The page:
Document Detail


Effect of shock timing on efficacy and safety of internal cardioversion for ventricular tachycardia.
MedLine Citation:
PMID:  8077542     Owner:  NLM     Status:  MEDLINE    
Abstract/OtherAbstract:
OBJECTIVES: We examined the effect of shock timing within the QRS complex on cardioversion efficacy in a randomized crossover test of shocks delivered at two timing intervals relative to QRS onset. BACKGROUND: The local ventricular electrogram is used in implantable cardioverter-defibrillators to synchronize cardioversion shocks to terminate ventricular tachycardia. However, the timing of the local electrogram relative to global ventricular depolarization is variable, depending on the site of ventricular tachycardia origin. METHODS: Transvenous defibrillation leads were positioned in the right ventricular apex (cathode), coronary sinus and superior vena cava (anodes) of patients with sustained monomorphic ventricular tachycardia. After repeat ventricular tachycardia induction, sequential shocks with energy settings of 0.5 to 22 J were delivered simultaneously with QRS onset (QRS + 0 shock) or 100 ms after QRS onset (QRS + 100 shock). QRS onset was determined from the surface electrocardiogram. Cardioversion threshold, defined as the lowest shock energy for successful ventricular tachycardia termination, was measured for these two timings. RESULTS: Fifteen patients (13 men, 2 women; mean [+/- SD] age 60.5 +/- 7.7 years) completed testing. Cardioversion threshold was significantly lower with QRS + 100 shocks than QRS + 0 shocks (3.1 +/- 3.5 vs. 10.5 +/- 7.4 J, p < 0.01). Thirteen patients (87%) experienced ventricular tachycardia acceleration with QRS + 0 shocks, but only three patients (20%) had ventricular tachycardia acceleration using QRS + 100 shocks (p < 0.01). Of the 32 failed QRS + 0 shocks, 25 (78%) caused ventricular tachycardia acceleration, whereas only 5 (36%) of the 14 failed QRS + 100 shocks caused ventricular tachycardia acceleration (p < 0.05). Cardioversion threshold was not correlated with ventricular tachycardia cycle length, QRS duration, left ventricular ejection fraction or left ventricular diastolic volume (p = NS). CONCLUSIONS: Internal cardioversion shocks delivered late in the QRS complex during ventricular tachycardia are more effective and have a lower risk of ventricular tachycardia acceleration than those delivered near QRS onset.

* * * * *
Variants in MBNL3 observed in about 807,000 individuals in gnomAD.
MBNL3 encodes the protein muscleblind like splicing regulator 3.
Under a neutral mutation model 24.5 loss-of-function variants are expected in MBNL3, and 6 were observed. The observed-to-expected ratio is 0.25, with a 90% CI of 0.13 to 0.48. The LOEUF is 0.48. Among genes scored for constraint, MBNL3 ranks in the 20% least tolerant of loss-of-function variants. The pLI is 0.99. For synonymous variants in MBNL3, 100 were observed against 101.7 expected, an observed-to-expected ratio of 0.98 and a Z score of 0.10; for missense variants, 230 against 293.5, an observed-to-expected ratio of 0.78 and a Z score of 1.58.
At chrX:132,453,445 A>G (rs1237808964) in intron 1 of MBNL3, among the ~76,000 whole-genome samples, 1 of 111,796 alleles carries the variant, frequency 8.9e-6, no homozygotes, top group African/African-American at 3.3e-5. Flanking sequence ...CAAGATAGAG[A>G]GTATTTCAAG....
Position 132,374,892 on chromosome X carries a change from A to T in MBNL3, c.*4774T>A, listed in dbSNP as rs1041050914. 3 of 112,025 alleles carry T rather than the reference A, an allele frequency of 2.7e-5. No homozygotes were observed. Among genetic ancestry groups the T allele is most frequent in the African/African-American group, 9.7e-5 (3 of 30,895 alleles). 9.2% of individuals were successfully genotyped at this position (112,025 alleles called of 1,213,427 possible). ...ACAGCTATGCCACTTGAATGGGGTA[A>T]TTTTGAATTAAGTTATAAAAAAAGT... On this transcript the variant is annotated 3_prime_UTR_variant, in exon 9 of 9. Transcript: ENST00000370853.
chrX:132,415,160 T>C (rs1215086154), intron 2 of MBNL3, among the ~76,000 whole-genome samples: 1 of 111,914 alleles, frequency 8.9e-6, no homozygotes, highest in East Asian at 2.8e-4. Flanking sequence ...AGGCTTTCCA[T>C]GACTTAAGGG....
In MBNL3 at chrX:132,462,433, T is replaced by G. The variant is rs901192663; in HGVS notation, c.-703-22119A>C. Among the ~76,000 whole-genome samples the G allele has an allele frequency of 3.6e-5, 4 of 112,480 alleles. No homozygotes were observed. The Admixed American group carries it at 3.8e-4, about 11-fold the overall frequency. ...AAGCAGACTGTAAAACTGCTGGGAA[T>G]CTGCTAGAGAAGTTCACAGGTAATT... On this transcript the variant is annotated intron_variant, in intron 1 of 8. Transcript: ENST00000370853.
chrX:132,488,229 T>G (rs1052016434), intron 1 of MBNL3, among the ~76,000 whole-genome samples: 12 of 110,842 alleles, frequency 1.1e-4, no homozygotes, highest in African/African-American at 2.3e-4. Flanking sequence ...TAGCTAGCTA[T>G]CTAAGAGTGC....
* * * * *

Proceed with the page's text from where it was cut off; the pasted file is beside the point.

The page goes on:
Authors:
H G Li; R Yee; R Mehra; P DeGroot; G J Klein; M Zardini; R K Thakur; C A Morillo
Publication Detail:
Type:  Clinical Trial; Journal Article; Randomized Controlled Trial; Research Support, Non-U.S. Gov't    
Journal Detail:
Title:  Journal of the American College of Cardiology     Volume:  24     ISSN:  0735-1097     ISO Abbreviation:  J. Am. Coll. Cardiol.     Publication Date:  1994 Sep 
Date Detail:
Created Date:  1994-10-06     Completed Date:  1994-10-06     Revised Date:  2010-03-24    
Medline Journal Info:
Nlm Unique ID:  8301365     Medline TA:  J Am Coll Cardiol     Country:  UNITED STATES    
Other Details:
Languages:  eng     Pagination:  703-8     Citation Subset:  AIM; IM    
Affiliation:
Department of Medicine, University of Western Ontario, London, Canada.
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MeSH Terms
Descriptor/Qualifier:
Aged
Chi-Square Distribution
Electric Countershock / adverse effects,  methods*
Electrocardiography
Electrophysiology
Female
Heart Ventricles / physiopathology
Humans
Incidence
Male
Middle Aged
Regression Analysis
Tachycardia, Ventricular / diagnosis,  physiopathology,  therapy*
Time Factors
Treatment Outcome
Ventricular Fibrillation / epidemiology,  etiology

From MEDLINE®/PubMed®, a database of the U.S. National Library of Medicine


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